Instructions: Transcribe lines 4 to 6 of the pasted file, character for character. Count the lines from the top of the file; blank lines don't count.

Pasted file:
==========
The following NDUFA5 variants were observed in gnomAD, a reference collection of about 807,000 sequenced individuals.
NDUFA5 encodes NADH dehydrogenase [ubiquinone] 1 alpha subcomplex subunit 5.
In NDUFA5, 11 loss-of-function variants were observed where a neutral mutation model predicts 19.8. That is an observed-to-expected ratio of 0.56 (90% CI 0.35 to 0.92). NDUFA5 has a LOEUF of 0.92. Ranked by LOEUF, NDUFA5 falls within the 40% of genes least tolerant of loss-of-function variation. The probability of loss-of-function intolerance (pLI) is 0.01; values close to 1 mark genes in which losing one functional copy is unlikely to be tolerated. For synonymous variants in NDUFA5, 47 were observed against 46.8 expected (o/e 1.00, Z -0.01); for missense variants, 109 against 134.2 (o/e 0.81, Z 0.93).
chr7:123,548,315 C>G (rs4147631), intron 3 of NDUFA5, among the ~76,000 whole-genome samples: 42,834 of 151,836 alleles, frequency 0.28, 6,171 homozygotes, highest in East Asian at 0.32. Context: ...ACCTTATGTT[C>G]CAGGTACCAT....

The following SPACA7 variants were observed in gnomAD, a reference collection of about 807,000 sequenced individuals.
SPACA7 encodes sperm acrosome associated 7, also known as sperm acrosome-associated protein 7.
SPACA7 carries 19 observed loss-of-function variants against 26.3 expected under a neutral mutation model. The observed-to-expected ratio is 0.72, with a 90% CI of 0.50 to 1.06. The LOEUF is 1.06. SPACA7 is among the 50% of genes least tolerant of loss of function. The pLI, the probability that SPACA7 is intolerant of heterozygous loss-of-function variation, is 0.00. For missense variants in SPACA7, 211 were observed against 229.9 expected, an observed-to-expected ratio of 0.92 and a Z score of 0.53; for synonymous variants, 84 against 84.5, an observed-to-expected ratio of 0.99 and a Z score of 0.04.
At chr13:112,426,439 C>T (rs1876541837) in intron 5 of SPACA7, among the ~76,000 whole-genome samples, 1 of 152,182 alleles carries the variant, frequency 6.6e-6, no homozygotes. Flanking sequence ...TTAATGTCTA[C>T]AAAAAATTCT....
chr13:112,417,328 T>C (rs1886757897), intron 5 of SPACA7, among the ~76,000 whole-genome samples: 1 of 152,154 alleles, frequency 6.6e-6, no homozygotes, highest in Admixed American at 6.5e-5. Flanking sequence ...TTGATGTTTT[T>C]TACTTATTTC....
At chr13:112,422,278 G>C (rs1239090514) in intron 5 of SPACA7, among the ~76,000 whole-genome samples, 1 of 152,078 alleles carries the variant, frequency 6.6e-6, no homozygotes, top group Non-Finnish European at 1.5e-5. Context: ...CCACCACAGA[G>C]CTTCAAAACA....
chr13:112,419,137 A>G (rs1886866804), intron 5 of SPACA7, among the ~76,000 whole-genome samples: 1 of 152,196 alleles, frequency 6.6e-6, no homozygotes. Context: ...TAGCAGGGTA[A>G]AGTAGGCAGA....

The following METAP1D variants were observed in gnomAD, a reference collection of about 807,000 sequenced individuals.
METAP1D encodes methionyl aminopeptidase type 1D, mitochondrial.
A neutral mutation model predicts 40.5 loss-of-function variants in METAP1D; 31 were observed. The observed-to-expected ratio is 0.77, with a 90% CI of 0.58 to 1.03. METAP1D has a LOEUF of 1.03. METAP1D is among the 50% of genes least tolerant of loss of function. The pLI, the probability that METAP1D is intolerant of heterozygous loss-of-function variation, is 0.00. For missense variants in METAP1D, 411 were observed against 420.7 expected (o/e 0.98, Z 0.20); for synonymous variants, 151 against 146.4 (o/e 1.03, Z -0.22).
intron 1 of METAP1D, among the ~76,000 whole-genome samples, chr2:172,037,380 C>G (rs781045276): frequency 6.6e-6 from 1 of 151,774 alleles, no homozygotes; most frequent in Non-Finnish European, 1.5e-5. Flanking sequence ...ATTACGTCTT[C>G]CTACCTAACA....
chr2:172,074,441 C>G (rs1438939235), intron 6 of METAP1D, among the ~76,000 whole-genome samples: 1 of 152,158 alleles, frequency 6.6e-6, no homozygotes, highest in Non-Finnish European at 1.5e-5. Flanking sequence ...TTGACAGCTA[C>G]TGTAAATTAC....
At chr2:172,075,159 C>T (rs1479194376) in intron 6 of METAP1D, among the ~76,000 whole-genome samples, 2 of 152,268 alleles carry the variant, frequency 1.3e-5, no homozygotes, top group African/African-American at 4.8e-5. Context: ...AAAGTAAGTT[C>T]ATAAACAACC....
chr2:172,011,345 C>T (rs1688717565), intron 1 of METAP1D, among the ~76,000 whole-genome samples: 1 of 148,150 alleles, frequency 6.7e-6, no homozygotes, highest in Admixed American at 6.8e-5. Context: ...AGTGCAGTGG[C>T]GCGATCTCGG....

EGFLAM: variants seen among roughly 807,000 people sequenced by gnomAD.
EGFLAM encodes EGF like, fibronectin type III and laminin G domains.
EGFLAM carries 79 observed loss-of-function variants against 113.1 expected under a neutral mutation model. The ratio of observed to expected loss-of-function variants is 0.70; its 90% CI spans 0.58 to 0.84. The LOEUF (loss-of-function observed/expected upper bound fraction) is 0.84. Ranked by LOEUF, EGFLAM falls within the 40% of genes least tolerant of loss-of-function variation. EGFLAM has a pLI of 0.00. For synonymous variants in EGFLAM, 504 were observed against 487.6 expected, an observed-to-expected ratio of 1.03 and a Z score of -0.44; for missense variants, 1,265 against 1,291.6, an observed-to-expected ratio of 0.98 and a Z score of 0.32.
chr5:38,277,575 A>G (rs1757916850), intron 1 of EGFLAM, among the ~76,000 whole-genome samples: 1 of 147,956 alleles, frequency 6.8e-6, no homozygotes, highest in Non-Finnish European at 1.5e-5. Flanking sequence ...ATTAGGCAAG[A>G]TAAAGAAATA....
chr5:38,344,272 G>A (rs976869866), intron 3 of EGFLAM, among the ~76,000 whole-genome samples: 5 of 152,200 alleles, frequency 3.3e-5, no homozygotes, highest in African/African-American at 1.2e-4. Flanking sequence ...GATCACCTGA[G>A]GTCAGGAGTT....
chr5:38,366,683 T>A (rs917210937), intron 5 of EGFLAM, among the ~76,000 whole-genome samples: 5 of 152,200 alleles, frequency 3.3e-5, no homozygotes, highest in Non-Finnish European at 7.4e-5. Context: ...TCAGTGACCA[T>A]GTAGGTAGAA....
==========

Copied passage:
chr7:123,548,315 C>G (rs4147631), intron 3 of NDUFA5, among the ~76,000 whole-genome samples: 42,834 of 151,836 alleles, frequency 0.28, 6,171 homozygotes, highest in East Asian at 0.32. Context: ...ACCTTATGTT[C>G]CAGGTACCAT....

The following SPACA7 variants were observed in gnomAD, a reference collection of about 807,000 sequenced individuals.
SPACA7 encodes sperm acrosome associated 7, also known as sperm acrosome-associated protein 7.